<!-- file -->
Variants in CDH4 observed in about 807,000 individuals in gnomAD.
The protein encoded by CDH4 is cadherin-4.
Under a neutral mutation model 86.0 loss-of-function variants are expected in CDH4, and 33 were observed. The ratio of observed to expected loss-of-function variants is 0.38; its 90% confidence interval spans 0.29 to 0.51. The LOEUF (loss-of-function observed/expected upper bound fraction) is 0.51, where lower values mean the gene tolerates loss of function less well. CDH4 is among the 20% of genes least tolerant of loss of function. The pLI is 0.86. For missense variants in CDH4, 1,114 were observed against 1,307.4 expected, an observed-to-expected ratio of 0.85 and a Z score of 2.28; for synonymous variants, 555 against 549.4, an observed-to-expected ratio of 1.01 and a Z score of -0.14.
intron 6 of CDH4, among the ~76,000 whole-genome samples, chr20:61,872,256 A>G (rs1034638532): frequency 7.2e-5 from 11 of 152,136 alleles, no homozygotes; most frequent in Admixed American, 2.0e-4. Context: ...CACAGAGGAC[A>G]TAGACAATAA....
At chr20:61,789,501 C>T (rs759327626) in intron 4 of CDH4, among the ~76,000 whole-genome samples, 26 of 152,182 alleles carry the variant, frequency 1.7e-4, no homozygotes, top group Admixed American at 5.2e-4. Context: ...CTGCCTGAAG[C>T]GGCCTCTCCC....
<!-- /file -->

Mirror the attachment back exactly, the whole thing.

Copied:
Variants in CDH4 observed in about 807,000 individuals in gnomAD.
The protein encoded by CDH4 is cadherin-4.
Under a neutral mutation model 86.0 loss-of-function variants are expected in CDH4, and 33 were observed. The ratio of observed to expected loss-of-function variants is 0.38; its 90% confidence interval spans 0.29 to 0.51. The LOEUF (loss-of-function observed/expected upper bound fraction) is 0.51, where lower values mean the gene tolerates loss of function less well. CDH4 is among the 20% of genes least tolerant of loss of function. The pLI is 0.86. For missense variants in CDH4, 1,114 were observed against 1,307.4 expected, an observed-to-expected ratio of 0.85 and a Z score of 2.28; for synonymous variants, 555 against 549.4, an observed-to-expected ratio of 1.01 and a Z score of -0.14.
intron 6 of CDH4, among the ~76,000 whole-genome samples, chr20:61,872,256 A>G (rs1034638532): frequency 7.2e-5 from 11 of 152,136 alleles, no homozygotes; most frequent in Admixed American, 2.0e-4. Context: ...CACAGAGGAC[A>G]TAGACAATAA....
At chr20:61,789,501 C>T (rs759327626) in intron 4 of CDH4, among the ~76,000 whole-genome samples, 26 of 152,182 alleles carry the variant, frequency 1.7e-4, no homozygotes, top group Admixed American at 5.2e-4. Context: ...CTGCCTGAAG[C>T]GGCCTCTCCC....